Financial services firms and institutions expect 40% increase in regulatory compliance for FATCA and anti-money laundering

By Christine Duhaime | December 3rd, 2013

According to a 2013 Financial Crime survey, 2014 is expected to be an expensive one for regulatory compliance , with more than 20% more being spent for each of anti-money laundering compliance and compliance with the U.S. Foreign Account Tax Compliance Act (“FATCA“), for a total of a 40% increase.


The financial crime risk that senior officers perceive as being at the forefront is cybercrime (such as online fraud and account fund theft). The weak point in protection against cyber-security was seen as the use of mobile devices externally by employees and remote log-ins that expose and may compromise security systems at financial services firms.


The biggest change in regulatory compliance in respect of financial crime is the increased focus on insider trading and FATCA. Until recently, financial services firms appear to have believed that FATCA would apply just to private banking and now realize the breath of its applicability. The emergence of tax sharing agreements is also seen as a matter of increased compliance scrutiny for firms.

FATCA comes into force July 1, 2014. Its intent is to stop tax evasion by U.S. persons and entities. It is a reporting regime that requires all foreign financial institutions (“FFI“) and foreign non-financial entities (“NFFE“) to identify and report to the IRS in respect of accounts held by U.S. persons or U.S. foreign entity worth US$50,000 or more. A 30% withholding tax is imposed on the U.S. source income of any FFI or NFFE that fails to comply with FATCA.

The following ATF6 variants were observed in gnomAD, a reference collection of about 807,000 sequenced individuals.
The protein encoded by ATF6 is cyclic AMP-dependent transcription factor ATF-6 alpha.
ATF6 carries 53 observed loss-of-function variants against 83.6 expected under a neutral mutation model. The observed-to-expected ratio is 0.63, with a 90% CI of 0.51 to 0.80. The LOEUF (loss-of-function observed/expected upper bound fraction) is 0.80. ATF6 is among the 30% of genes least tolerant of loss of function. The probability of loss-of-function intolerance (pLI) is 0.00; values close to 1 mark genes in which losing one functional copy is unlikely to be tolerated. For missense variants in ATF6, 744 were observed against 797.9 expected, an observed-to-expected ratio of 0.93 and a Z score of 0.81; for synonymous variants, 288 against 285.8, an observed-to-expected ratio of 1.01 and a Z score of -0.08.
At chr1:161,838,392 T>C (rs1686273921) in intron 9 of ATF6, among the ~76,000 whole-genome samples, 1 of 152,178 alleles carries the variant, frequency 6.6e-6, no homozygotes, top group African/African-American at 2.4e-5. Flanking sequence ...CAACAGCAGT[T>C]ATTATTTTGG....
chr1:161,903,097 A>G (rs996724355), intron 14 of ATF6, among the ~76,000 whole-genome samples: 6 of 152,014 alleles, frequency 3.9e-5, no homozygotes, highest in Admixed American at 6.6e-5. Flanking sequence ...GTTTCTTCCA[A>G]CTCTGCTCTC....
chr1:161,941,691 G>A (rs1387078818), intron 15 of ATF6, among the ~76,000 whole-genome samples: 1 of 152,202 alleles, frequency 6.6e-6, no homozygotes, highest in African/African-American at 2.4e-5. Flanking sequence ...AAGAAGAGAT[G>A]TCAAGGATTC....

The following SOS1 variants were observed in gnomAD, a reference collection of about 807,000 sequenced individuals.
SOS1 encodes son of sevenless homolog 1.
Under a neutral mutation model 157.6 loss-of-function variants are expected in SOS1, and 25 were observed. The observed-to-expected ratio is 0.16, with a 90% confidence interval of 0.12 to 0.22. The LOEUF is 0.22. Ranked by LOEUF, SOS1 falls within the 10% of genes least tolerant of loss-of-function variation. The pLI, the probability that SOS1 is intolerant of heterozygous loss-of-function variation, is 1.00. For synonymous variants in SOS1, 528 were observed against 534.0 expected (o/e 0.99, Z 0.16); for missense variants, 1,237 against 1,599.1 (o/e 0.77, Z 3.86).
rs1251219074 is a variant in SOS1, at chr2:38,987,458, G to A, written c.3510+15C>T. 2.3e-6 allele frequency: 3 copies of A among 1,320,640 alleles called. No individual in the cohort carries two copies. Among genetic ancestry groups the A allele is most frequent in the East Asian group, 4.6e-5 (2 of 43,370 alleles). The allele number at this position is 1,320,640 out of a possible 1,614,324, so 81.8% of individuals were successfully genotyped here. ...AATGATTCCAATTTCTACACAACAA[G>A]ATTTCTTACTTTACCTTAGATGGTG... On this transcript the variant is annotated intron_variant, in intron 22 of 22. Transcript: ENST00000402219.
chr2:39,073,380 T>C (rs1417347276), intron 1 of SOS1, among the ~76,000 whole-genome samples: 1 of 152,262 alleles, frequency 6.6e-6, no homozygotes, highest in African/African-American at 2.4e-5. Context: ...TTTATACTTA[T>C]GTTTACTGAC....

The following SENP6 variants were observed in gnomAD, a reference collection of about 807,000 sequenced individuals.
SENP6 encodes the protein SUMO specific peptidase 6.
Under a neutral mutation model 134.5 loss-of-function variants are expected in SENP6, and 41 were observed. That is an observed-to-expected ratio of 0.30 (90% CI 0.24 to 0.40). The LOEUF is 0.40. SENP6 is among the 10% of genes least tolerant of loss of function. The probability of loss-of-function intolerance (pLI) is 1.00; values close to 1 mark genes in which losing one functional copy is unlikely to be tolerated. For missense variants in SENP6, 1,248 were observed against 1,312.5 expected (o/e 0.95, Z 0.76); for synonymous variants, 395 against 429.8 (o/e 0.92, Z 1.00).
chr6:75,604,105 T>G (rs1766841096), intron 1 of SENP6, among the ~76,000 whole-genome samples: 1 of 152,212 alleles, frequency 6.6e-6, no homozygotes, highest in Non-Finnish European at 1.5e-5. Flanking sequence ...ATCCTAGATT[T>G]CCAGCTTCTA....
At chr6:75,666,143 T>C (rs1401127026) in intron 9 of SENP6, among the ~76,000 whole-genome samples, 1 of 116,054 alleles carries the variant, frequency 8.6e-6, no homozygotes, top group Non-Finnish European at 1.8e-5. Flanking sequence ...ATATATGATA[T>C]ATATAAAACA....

Basil III

Looking further afield, respondents to the survey noted that Basel III will be a regulatory compliance concern over the next three years. Basel III regulations include a number of requirements for banks and financial institutions, such as:

  • Capital – quality & level of capital with a minimum of 4.5% of risk-weighted assets; capital loss absorption at point of non-viability; capital conservation buffer of 2.5%; and countercyclical buffer of up to 2.5%.
  • Risk Coverage – securitization improvements; higher capital for trading and derivatives activities; counterparty credit risk strengthening for measuring exposure.
  • Containing Leverage – non-risk based leverage ratio that includes off-balance sheet exposure.
  • Risk Management & Supervision – better management of risks with sound compliance practices.
  • Market Discipline – Enhanced disclosure of components of regulatory capital and reconciliation to reported accounts.
  • Liquidity – sufficient liquid assets; net stable funding ratio to address liquidity mismatches; improved liquidity management; and monitoring of liquidity.

The projected compliance costs for regulatory matters in respect of financial crime means that financial institutions and service firms will be required to engage numerous more professional financial crime personnel and consultants to meet regulatory requirements.

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